There is something that I want you to know...And knowing is half the battle!! G.I. Joe!!
LOL!! Oh, me.
Check this out, here's what I want you to know:
I've got G.I. Joe #10, published by Ziff-Davis in 1950 which features the first appearance of G.I. Joe...Well, kinda. It is his first appearance in comic book format.
You see, Dave Breger, the creator of G.I. Joe was a successful magazine cartoon artist in the early 1940s, before America joined WWII. Around the same time, he was drafted into the U.S. Army, and created a strip called Private Breger for The Saturday Evening Post. When the Army got wind of his talent, he was pulled from his job as a mechanic in Camp Livingston, LA, and transferred to the Special Services Division in NY. There he was assigned to the staff of Yank the Army Weekly, a weekly magazine published by the U.S. military during WWII. Yank wanted Breger to do a strip similar to his own successful one. Knowing that "government issued" was stamped on nearly everything the Army used, and being fully aware that soldiers themselves had taken to calling themselves, G.I.s since WWI, Breger created G.I. Joe, full name Joe Trooper, whose adventures began being published in June of 1942 in the very first issue of Yank. G.I. Joe ran in Yank until its final issue in 1945.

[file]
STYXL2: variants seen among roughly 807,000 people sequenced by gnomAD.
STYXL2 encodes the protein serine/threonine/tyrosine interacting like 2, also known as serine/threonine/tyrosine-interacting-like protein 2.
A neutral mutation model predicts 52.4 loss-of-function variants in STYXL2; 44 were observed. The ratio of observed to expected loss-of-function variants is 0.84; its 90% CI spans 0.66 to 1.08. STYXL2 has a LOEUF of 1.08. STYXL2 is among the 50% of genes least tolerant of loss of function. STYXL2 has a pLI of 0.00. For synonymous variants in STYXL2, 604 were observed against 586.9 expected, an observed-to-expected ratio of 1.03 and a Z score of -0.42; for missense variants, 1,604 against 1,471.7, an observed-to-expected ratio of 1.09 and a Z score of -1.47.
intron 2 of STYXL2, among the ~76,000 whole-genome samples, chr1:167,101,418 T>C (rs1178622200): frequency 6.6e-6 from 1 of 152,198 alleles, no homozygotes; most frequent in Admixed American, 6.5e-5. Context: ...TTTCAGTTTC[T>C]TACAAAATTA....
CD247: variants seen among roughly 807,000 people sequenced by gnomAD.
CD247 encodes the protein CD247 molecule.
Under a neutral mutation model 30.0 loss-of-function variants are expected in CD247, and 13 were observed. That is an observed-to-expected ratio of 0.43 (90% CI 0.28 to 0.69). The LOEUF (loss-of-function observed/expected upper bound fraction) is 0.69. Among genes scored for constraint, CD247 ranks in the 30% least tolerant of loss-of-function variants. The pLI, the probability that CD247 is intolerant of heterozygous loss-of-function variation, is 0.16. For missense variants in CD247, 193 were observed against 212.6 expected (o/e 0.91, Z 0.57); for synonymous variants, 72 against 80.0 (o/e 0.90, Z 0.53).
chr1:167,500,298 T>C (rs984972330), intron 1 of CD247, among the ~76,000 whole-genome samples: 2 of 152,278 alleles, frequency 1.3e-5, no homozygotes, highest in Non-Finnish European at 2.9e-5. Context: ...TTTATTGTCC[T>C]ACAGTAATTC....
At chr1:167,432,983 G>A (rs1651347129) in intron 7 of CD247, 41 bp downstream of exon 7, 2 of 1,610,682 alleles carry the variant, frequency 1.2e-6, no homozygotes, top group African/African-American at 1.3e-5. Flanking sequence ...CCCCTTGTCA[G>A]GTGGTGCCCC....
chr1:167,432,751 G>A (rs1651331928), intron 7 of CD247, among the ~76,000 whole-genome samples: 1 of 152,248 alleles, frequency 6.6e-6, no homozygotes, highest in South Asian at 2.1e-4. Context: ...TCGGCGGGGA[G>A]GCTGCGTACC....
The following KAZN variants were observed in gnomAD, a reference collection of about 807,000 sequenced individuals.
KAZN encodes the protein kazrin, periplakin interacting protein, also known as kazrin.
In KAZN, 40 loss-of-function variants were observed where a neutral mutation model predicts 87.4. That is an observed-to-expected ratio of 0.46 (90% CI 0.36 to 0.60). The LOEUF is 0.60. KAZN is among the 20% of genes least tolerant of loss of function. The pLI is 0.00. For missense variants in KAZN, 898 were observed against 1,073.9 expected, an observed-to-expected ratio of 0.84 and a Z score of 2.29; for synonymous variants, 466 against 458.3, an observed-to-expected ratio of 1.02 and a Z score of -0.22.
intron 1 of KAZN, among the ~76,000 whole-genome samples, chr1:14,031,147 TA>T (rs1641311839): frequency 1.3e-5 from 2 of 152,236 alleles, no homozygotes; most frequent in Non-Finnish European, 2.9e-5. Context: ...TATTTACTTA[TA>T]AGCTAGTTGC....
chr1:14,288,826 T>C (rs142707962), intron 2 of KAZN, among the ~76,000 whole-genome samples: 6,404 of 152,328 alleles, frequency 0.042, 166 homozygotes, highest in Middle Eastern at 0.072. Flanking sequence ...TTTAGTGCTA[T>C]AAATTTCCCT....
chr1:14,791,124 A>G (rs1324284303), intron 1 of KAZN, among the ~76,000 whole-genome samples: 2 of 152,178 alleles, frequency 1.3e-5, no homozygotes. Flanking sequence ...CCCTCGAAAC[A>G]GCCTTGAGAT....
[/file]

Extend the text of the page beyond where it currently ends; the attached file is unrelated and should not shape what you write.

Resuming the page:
In 1950, G.I. Joe was revived by Ziff-Davis. WWII was over, but the Korean War was in high gear. G.I. Joe was brought back as Private Joe Burch, a dim (for comedic relief), but heroic soldier. The comic lasted for 2 volumes and and a total of 51 issues.
In the mid 1960s, G.I. Joe reappeared in DC Comics' Showcase series (#53 and #54), and quickly faded again. But it wasn't long until G.I. Joe was back in comics. This time it was Hasbro, a toy company, that was leading the charge for a toyline based on American fighting men, and G.I. Joe. Hasbro published a comic named G.I. Joe: America's Movable Fighting Man in 1967 which was followed by others, including the G.I. Joe Adventure Team printed in 1969 to coincide with toy releases which birthed the concept of G.I. Joe as a team and not a single fighting man.
Then came the goldmine:
It's my copy of G.I. Joe: A Real American Hero #1, published in 1982, which gave us our modern concept of our beloved G.I. Joe team. This comic series coincided with the launch of new, smaller action figures (3.75 inch), and a hit animated TV show. This comic features too many 1st appearances to list, but here are some highlights: Gen. Flagg, Hawk, Scarlett, Cobra Commander, the Baroness and, last but not least, Snake Eyes!!
FUN FACT #1: Ziff-Davis had a habit of starting their first issues off as #10. So my copy of G.I. Joe #10 is actually #1.
FUN FACT #2: The Adventure Team line is remembered for several fun changes to action figures, like "Life-Like Hair," "Eagle-Eyes," and the famous "Kung-Fu Grip."
FUN FACT #3: G.I. Joe action figures were marketed as Action Man and Action Force in the UK; however, the soldiers were international - meaning members of militaries of varying nationalities.
FUN FACT #4: The G.I. Joe: A Real American Hero comic was published in the UK under Marvel UK as Action Force in 1987. It included reprints of the American comic, and new, short strips that were only published in the UK.
Oh, you knew that I had a copy didn't ya? TEX loves Marvel UK.
I hope you enjoy the reading as much as I enjoyed the telling!